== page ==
Quantavious Eason was put in the back of a patrol car and taken to the police station after relieving himself in a parking lot while his mother ran an errand.
The ongoing legal drama involving a 10-year-old boy in Mississippi who urinated in a parking lot is over, this according to the child’s attorney.
“In a significant development, the Carlos Moore Law Group heralds the dismissal of a case against 10-year-old Quantavious Eason by Judge Rusty Harlow, who ruled that Eason is not a child in need of supervision, effectively dismissing the Tate County Youth Court petition against him,” the family’s attorney Carlos Moore announced Monday.
“This outcome is not just a victory for Eason and his family, but for juvenile justice advocates everywhere,” he added. The boy’s mother, LaTonya Eason, also told reporters, “I’m very pleased that they did dismiss what was going on with my baby.”
TooFab has reached out to Harlow and the Civil Process office for Tate County for comment.
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Eason was arrested by the Senatobia Police Department back in August, after the child reportedly decided to relieve himself near her car while she made a quick stop into a lawyer’s office.
During a court hearing back in December, the boy was given three months probation and assigned a two-page book report about Kobe Bryant, the family’s attorney Carlos Moore told CNN. Under the terms of the sentence, he would have been required to check in with a probation officer once a month for three months; his mom refused to sign the probation document at the time.
During a press conference back in September, Moore said that the child needed to use the bathroom while waiting for his mother. He saw a sign saying there were no public restrooms, however, and “had a decision to make.”
“Do I let my bladder stay full and potentially cause bladder problems or do I relieve myself discreetly on private property?” said the family’s attorney. “He did what so many young boys have done in this city time and time again, he got near his mother’s car with his back facing the public road and he relieved himself.”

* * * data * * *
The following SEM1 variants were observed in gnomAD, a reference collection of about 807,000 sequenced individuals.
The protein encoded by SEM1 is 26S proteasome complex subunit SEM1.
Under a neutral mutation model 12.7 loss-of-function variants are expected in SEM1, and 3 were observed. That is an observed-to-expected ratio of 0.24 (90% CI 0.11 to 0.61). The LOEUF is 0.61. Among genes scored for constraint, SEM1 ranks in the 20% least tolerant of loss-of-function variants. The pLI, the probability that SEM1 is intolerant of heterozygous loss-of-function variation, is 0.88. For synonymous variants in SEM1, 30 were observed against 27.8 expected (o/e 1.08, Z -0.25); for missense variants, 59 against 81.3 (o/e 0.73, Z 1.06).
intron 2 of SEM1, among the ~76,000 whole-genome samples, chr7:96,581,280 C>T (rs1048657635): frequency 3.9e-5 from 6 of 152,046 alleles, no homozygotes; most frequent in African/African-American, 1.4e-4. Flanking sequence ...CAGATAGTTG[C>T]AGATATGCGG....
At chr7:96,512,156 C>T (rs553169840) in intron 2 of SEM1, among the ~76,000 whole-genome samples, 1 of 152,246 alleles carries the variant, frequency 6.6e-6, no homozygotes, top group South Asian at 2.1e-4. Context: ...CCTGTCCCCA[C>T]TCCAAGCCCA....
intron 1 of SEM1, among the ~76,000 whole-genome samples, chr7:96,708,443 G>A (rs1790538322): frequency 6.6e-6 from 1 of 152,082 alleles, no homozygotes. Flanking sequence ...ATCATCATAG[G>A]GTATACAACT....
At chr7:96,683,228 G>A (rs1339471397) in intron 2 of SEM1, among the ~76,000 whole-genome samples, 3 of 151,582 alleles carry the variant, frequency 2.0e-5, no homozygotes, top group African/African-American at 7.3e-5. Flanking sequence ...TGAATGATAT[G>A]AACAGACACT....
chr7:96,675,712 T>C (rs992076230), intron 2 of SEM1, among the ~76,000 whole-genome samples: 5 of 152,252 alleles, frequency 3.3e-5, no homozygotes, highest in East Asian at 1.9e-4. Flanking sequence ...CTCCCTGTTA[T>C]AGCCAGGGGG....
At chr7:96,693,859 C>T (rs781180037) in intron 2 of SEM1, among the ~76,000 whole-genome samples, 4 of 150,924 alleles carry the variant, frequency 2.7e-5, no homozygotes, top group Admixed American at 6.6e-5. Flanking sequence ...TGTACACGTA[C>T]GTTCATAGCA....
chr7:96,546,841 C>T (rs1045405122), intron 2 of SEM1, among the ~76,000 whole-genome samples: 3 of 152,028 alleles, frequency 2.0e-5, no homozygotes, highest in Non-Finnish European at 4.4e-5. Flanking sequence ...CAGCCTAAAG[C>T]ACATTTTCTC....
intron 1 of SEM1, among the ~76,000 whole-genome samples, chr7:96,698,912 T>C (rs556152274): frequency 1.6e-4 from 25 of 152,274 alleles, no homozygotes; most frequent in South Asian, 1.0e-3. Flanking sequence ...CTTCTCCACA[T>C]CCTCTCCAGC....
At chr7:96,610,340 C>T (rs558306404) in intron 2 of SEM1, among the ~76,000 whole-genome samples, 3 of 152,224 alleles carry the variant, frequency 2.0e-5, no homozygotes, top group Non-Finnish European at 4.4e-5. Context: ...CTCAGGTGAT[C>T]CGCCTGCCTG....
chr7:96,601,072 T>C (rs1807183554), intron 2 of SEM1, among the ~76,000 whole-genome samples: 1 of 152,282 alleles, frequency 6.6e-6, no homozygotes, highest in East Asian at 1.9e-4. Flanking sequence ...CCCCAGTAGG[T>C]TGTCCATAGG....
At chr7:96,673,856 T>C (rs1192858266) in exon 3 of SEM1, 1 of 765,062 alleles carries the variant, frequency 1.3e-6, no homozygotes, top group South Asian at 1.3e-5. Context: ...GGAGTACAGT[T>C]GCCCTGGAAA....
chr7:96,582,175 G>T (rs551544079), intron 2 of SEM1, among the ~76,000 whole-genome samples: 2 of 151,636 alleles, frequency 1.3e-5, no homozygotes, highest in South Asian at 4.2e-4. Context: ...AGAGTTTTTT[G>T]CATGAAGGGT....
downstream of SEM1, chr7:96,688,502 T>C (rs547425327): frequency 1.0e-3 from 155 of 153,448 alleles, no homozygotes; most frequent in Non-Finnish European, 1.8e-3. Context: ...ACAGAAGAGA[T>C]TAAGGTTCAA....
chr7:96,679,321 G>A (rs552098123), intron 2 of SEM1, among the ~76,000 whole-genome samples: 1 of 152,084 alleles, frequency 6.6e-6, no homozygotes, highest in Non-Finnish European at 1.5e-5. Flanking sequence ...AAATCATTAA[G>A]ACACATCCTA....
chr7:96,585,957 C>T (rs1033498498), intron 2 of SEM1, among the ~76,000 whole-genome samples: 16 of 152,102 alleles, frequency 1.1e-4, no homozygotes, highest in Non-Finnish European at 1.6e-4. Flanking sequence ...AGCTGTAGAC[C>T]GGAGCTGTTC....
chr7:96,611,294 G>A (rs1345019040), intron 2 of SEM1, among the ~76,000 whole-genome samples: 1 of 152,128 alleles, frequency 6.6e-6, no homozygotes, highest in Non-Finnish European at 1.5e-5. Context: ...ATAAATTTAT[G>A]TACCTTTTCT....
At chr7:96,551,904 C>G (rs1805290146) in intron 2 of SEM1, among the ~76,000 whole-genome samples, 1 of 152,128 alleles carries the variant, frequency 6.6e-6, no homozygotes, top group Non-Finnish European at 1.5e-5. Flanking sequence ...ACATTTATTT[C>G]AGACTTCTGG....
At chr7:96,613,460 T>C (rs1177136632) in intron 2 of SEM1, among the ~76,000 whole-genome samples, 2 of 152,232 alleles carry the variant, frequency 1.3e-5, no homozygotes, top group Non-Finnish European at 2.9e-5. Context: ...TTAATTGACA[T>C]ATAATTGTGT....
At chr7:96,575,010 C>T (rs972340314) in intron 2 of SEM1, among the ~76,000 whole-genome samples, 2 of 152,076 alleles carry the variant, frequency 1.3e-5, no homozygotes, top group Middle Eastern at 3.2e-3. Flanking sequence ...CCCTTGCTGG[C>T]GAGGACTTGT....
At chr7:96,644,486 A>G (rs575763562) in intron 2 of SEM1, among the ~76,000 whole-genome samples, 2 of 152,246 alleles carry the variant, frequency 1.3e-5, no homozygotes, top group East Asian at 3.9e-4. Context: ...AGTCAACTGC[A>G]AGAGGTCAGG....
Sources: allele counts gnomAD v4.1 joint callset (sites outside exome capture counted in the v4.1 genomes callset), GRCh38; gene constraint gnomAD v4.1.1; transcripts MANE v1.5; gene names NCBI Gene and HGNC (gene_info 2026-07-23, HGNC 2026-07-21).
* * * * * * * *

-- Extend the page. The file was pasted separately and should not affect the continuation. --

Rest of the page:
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Though Moore said the child was “thinking as a reasonable 10-year-old” when he decided to relieve himself, an officer driving by stopped and went into the lawyer’s office to alert the boy’s mother.
“I said, ‘You know better, don’t let it happen again,'” Eason recalled telling her son after coming out with the officer. “The officer said, ‘You handled that like a mom, just make sure he don’t do it again, he can get back in the car.'”
But then four other officers from the department showed up, said Eason, claiming they then instructed Quantavious to “put his hands behind his back” before putting him into a patrol car and taking him downtown to the station. “My baby was crying,” said Eason, who also snapped a photo of the boy in the backseat.
After being taken to the station, Eason claims authorities then “put this boy in a cage for 45-minutes to an hour” while she spoke with officers about an unrelated matter. The boy was later charged in Youth Court with Child in Need of Supervision. Per Moore, the incident happened on private property and “nobody who owns that property has complained to law enforcement” about the boy’s actions.
Facebook / Julie Voshell Hartman
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After the incident went viral thanks to Eason’s photo of her son, the police department released two statements on what happened. In the first, they said that while “the child was not handcuffed,” they admitted “it was an error in judgment for us to transport the child to the police station” since authorities were able to locate a parent at the scene.
“Mistakes like this are a reminder in this profession as to the continual need for training and refreshers on the various topics that we encounter each day,” they added.
About a week later, Chief of Police Richard Chandler released a second statement saying, “The officer’s decisions violated our written policy and went against our prior training on how to deal with these situations.”
“One of the officers involved is no longer employed, and the others will be disciplined,” they added. “We will also have mandatory Juvenile training department-wide, just as we do every year.”
“You don’t put my child in a cage,” Eason said at the time. “Would you have put a white child in a cage? If it had been a white child, you know what, he probably wouldn’t have even stopped.”
Moore previously told NBC he’s planning to fire a federal lawsuit against the city of Senatobia and the arresting officer.